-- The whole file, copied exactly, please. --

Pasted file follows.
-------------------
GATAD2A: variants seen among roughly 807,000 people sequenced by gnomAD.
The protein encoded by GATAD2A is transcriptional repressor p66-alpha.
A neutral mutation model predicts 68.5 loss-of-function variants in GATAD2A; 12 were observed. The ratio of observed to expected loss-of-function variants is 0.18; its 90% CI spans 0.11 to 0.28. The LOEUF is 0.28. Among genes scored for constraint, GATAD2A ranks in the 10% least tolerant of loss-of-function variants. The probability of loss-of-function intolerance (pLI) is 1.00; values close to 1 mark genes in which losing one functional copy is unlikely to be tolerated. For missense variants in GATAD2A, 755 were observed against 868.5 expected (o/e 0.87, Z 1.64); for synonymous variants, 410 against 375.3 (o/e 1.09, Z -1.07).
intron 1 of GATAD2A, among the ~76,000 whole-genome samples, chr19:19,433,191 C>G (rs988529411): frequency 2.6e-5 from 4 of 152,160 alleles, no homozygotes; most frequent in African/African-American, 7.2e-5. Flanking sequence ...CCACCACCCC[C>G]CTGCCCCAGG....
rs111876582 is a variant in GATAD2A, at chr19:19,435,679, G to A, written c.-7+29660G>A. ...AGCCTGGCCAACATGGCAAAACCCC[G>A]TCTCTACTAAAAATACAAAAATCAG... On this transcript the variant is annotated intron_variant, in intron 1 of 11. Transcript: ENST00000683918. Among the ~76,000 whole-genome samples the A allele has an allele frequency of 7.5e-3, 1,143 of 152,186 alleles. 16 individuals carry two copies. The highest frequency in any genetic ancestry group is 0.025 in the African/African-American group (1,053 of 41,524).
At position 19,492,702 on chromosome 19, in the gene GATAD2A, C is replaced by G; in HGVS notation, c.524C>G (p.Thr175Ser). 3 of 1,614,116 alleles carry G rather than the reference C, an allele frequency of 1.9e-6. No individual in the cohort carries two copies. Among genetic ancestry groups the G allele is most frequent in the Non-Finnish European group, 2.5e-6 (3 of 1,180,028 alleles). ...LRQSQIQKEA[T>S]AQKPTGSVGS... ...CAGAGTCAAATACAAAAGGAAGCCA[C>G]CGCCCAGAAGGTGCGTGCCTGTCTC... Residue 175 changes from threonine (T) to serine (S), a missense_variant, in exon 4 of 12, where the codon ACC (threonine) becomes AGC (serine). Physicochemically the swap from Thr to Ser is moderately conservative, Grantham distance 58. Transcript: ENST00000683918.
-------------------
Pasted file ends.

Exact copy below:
GATAD2A: variants seen among roughly 807,000 people sequenced by gnomAD.
The protein encoded by GATAD2A is transcriptional repressor p66-alpha.
A neutral mutation model predicts 68.5 loss-of-function variants in GATAD2A; 12 were observed. The ratio of observed to expected loss-of-function variants is 0.18; its 90% CI spans 0.11 to 0.28. The LOEUF is 0.28. Among genes scored for constraint, GATAD2A ranks in the 10% least tolerant of loss-of-function variants. The probability of loss-of-function intolerance (pLI) is 1.00; values close to 1 mark genes in which losing one functional copy is unlikely to be tolerated. For missense variants in GATAD2A, 755 were observed against 868.5 expected (o/e 0.87, Z 1.64); for synonymous variants, 410 against 375.3 (o/e 1.09, Z -1.07).
intron 1 of GATAD2A, among the ~76,000 whole-genome samples, chr19:19,433,191 C>G (rs988529411): frequency 2.6e-5 from 4 of 152,160 alleles, no homozygotes; most frequent in African/African-American, 7.2e-5. Flanking sequence ...CCACCACCCC[C>G]CTGCCCCAGG....
rs111876582 is a variant in GATAD2A, at chr19:19,435,679, G to A, written c.-7+29660G>A. ...AGCCTGGCCAACATGGCAAAACCCC[G>A]TCTCTACTAAAAATACAAAAATCAG... On this transcript the variant is annotated intron_variant, in intron 1 of 11. Transcript: ENST00000683918. Among the ~76,000 whole-genome samples the A allele has an allele frequency of 7.5e-3, 1,143 of 152,186 alleles. 16 individuals carry two copies. The highest frequency in any genetic ancestry group is 0.025 in the African/African-American group (1,053 of 41,524).
At position 19,492,702 on chromosome 19, in the gene GATAD2A, C is replaced by G; in HGVS notation, c.524C>G (p.Thr175Ser). 3 of 1,614,116 alleles carry G rather than the reference C, an allele frequency of 1.9e-6. No individual in the cohort carries two copies. Among genetic ancestry groups the G allele is most frequent in the Non-Finnish European group, 2.5e-6 (3 of 1,180,028 alleles). ...LRQSQIQKEA[T>S]AQKPTGSVGS... ...CAGAGTCAAATACAAAAGGAAGCCA[C>G]CGCCCAGAAGGTGCGTGCCTGTCTC... Residue 175 changes from threonine (T) to serine (S), a missense_variant, in exon 4 of 12, where the codon ACC (threonine) becomes AGC (serine). Physicochemically the swap from Thr to Ser is moderately conservative, Grantham distance 58. Transcript: ENST00000683918.